Everyone hopes that each new relationship will thrive and be healthy. Unfortunately, this does not always happen, and the longer negative patterns continue, the harder it becomes to leave or to try to change the relationship dynamic. Without knowing the signs of a toxic relationship, a person may start to think the negative patterns are the norm and may struggle to seek solutions or decide when it is time to leave.
14 Signs of a Toxic Relationship
There are various warning signs, or red flags, which can alert you to the possibility that you are in a toxic relationship. Below are a few signs of a toxic relationship to look out for.
It is a serious warning flag when a person feels physically or emotionally unsafe. If you feel physically unsafe, you need to make immediate plans to (at least temporarily) put physical distance between you and the other person. There are domestic abuse shelters and organizations that can help you make the arrangements you need to escape a physically abusive relationship.
Emotional and relational safety is also important. It is a bad sign when you don’t feel safe sharing your emotions and you feel afraid that the slightest disagreement will threaten the relationship.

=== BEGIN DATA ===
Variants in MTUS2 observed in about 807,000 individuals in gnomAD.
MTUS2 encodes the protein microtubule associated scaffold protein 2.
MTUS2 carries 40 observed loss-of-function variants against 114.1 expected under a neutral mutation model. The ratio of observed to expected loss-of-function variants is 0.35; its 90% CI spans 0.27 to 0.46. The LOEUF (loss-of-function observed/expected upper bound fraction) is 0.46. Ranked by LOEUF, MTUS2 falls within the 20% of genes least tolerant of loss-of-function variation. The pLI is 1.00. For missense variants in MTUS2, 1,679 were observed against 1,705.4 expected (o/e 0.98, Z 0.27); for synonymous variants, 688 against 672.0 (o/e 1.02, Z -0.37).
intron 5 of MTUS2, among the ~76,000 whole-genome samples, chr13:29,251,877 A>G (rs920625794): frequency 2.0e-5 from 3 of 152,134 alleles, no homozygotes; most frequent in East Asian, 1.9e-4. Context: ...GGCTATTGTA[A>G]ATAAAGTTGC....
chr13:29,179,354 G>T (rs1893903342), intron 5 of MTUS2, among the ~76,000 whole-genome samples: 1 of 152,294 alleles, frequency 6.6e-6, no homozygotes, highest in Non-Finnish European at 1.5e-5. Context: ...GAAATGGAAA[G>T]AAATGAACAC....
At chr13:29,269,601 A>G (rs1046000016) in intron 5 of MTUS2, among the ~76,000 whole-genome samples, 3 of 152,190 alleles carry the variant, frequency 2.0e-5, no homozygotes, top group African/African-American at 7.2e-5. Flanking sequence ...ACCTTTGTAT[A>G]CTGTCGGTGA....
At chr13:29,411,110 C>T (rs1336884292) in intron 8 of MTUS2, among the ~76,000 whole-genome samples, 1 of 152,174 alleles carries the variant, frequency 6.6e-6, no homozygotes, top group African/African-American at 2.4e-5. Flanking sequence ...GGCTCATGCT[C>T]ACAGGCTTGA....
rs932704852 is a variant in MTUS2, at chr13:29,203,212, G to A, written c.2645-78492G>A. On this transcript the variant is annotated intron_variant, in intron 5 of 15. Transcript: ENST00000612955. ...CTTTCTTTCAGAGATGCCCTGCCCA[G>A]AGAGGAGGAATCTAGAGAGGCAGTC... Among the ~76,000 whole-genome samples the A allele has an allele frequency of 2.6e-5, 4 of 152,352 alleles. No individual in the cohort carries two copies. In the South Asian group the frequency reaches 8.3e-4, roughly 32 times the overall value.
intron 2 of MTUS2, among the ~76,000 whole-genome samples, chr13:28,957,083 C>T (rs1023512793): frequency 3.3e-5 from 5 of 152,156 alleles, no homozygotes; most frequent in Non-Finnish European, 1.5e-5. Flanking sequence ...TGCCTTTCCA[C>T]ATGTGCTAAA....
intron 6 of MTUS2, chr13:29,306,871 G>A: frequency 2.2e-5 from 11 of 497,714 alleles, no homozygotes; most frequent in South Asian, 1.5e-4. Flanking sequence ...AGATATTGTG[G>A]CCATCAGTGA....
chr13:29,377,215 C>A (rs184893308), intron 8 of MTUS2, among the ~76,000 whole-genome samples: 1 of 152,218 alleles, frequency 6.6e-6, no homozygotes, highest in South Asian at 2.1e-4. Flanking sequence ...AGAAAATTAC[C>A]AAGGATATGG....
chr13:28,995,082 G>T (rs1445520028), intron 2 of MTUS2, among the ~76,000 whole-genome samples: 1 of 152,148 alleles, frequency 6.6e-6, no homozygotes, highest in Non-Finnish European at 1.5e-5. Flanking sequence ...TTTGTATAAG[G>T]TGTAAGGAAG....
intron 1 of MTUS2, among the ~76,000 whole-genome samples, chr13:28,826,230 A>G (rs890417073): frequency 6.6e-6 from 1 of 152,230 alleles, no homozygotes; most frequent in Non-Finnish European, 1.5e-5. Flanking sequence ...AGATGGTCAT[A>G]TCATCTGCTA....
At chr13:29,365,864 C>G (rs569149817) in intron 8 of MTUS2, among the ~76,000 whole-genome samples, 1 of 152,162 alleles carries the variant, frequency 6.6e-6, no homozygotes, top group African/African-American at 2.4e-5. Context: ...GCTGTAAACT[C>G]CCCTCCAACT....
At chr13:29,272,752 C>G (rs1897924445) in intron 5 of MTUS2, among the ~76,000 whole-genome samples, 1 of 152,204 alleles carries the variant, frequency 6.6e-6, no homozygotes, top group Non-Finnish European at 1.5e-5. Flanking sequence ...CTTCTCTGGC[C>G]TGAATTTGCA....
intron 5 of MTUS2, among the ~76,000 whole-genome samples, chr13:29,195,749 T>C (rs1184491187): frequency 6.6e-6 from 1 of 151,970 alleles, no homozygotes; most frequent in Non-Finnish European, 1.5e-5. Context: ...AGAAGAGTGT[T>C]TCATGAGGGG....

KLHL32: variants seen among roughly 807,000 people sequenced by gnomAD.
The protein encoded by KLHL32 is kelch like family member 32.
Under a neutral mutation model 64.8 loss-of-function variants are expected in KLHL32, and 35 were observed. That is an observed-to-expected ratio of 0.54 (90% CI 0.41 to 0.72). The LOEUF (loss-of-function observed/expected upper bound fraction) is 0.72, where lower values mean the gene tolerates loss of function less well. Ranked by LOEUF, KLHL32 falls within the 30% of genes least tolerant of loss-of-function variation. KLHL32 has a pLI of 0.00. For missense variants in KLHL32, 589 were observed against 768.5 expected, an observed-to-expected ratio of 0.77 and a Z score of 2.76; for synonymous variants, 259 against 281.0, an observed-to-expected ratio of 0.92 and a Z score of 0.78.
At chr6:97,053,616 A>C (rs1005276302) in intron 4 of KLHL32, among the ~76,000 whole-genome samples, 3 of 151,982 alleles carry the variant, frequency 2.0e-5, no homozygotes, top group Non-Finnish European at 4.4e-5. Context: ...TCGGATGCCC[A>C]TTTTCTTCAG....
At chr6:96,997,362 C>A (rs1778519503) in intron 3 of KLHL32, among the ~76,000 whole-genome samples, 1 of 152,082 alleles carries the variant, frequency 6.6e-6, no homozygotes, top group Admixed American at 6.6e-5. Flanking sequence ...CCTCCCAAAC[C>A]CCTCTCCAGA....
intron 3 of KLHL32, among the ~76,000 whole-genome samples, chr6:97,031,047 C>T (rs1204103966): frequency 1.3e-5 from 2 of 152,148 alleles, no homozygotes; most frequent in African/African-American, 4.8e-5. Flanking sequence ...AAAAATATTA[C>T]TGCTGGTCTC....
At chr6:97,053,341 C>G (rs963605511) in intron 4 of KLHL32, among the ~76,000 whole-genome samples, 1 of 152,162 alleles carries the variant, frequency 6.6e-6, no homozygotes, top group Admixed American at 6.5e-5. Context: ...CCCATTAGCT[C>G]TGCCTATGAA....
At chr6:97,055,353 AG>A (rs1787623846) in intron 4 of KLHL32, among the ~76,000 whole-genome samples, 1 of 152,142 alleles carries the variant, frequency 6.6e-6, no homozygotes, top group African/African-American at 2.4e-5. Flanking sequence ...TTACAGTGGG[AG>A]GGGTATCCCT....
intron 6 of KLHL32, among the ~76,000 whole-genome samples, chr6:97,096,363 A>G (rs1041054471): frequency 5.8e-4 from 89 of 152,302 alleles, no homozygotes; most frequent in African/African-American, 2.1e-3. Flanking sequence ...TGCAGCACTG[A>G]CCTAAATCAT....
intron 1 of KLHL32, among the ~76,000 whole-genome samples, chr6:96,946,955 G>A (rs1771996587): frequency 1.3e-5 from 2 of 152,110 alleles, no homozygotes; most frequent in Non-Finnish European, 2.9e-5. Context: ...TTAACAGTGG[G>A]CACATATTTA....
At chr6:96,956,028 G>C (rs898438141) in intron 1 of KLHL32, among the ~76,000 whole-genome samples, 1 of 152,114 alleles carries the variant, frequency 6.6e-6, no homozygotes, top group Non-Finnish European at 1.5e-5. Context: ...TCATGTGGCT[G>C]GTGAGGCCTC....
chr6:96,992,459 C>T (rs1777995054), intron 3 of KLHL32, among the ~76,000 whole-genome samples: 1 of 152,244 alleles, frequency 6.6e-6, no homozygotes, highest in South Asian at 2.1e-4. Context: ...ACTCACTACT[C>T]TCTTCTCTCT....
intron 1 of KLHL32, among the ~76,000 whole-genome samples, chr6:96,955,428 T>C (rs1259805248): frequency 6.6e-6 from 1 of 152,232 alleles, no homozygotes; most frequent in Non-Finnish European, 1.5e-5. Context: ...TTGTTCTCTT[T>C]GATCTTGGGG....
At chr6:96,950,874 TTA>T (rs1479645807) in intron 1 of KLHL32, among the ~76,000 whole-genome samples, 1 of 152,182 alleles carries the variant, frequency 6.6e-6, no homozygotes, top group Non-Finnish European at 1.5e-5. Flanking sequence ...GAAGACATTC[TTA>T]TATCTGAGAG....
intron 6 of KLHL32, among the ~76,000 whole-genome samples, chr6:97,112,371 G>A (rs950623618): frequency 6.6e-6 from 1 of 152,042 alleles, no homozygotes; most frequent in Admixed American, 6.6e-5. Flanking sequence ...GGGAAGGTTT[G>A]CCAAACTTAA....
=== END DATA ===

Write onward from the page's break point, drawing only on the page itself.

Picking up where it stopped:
A healthy relationship is one in which both partners share the same level of commitment to the relationship. Not having this in common can increase one partner’s levels of insecurity and stress about the relationship. A shared level of commitment and feeling physically and emotionally safe with your partner is foundational to a healthy relationship.
A certain amount of tension runs through any relationship but feeling constantly stressed and on edge is an indicator that something is off, and it can take a toll on your physical and mental health.